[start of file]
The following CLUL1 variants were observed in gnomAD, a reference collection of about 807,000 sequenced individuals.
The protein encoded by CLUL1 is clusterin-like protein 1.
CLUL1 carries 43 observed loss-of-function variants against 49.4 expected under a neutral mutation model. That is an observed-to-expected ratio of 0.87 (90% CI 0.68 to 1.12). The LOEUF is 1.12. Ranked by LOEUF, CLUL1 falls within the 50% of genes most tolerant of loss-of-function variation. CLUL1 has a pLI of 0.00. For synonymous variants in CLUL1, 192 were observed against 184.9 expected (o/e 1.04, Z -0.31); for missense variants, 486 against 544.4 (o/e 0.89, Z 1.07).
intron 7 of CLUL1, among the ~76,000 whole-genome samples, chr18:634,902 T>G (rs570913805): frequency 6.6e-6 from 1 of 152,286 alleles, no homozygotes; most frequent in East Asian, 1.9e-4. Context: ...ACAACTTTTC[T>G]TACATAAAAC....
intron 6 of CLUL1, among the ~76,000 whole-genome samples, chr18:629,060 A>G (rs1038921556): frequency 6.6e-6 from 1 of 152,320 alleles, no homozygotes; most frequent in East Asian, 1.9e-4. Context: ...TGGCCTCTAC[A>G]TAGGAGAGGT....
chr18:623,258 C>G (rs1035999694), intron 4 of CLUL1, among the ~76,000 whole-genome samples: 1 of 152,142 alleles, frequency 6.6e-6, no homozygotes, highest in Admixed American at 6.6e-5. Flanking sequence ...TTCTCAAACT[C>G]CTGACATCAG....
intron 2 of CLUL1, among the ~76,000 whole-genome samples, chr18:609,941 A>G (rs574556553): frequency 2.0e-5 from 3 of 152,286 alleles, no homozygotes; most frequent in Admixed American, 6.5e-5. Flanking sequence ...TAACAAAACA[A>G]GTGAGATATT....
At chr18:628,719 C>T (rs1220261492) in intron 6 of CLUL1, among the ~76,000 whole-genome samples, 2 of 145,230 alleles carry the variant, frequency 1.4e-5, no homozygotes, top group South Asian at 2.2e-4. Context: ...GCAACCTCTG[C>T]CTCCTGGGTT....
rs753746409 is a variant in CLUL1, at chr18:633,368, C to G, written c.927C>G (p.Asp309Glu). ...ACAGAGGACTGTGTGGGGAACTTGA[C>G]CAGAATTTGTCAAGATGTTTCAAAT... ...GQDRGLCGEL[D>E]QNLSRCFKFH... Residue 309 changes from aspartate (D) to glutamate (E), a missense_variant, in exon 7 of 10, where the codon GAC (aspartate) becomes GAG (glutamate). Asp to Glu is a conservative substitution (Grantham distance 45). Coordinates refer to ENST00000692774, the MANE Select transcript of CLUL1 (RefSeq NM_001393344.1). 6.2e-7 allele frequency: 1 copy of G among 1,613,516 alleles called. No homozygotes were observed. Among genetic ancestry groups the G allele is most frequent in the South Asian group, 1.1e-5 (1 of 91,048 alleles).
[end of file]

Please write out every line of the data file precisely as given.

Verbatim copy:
The following CLUL1 variants were observed in gnomAD, a reference collection of about 807,000 sequenced individuals.
The protein encoded by CLUL1 is clusterin-like protein 1.
CLUL1 carries 43 observed loss-of-function variants against 49.4 expected under a neutral mutation model. That is an observed-to-expected ratio of 0.87 (90% CI 0.68 to 1.12). The LOEUF is 1.12. Ranked by LOEUF, CLUL1 falls within the 50% of genes most tolerant of loss-of-function variation. CLUL1 has a pLI of 0.00. For synonymous variants in CLUL1, 192 were observed against 184.9 expected (o/e 1.04, Z -0.31); for missense variants, 486 against 544.4 (o/e 0.89, Z 1.07).
intron 7 of CLUL1, among the ~76,000 whole-genome samples, chr18:634,902 T>G (rs570913805): frequency 6.6e-6 from 1 of 152,286 alleles, no homozygotes; most frequent in East Asian, 1.9e-4. Context: ...ACAACTTTTC[T>G]TACATAAAAC....
intron 6 of CLUL1, among the ~76,000 whole-genome samples, chr18:629,060 A>G (rs1038921556): frequency 6.6e-6 from 1 of 152,320 alleles, no homozygotes; most frequent in East Asian, 1.9e-4. Context: ...TGGCCTCTAC[A>G]TAGGAGAGGT....
chr18:623,258 C>G (rs1035999694), intron 4 of CLUL1, among the ~76,000 whole-genome samples: 1 of 152,142 alleles, frequency 6.6e-6, no homozygotes, highest in Admixed American at 6.6e-5. Flanking sequence ...TTCTCAAACT[C>G]CTGACATCAG....
intron 2 of CLUL1, among the ~76,000 whole-genome samples, chr18:609,941 A>G (rs574556553): frequency 2.0e-5 from 3 of 152,286 alleles, no homozygotes; most frequent in Admixed American, 6.5e-5. Flanking sequence ...TAACAAAACA[A>G]GTGAGATATT....
At chr18:628,719 C>T (rs1220261492) in intron 6 of CLUL1, among the ~76,000 whole-genome samples, 2 of 145,230 alleles carry the variant, frequency 1.4e-5, no homozygotes, top group South Asian at 2.2e-4. Context: ...GCAACCTCTG[C>T]CTCCTGGGTT....
rs753746409 is a variant in CLUL1, at chr18:633,368, C to G, written c.927C>G (p.Asp309Glu). ...ACAGAGGACTGTGTGGGGAACTTGA[C>G]CAGAATTTGTCAAGATGTTTCAAAT... ...GQDRGLCGEL[D>E]QNLSRCFKFH... Residue 309 changes from aspartate (D) to glutamate (E), a missense_variant, in exon 7 of 10, where the codon GAC (aspartate) becomes GAG (glutamate). Asp to Glu is a conservative substitution (Grantham distance 45). Coordinates refer to ENST00000692774, the MANE Select transcript of CLUL1 (RefSeq NM_001393344.1). 6.2e-7 allele frequency: 1 copy of G among 1,613,516 alleles called. No homozygotes were observed. Among genetic ancestry groups the G allele is most frequent in the South Asian group, 1.1e-5 (1 of 91,048 alleles).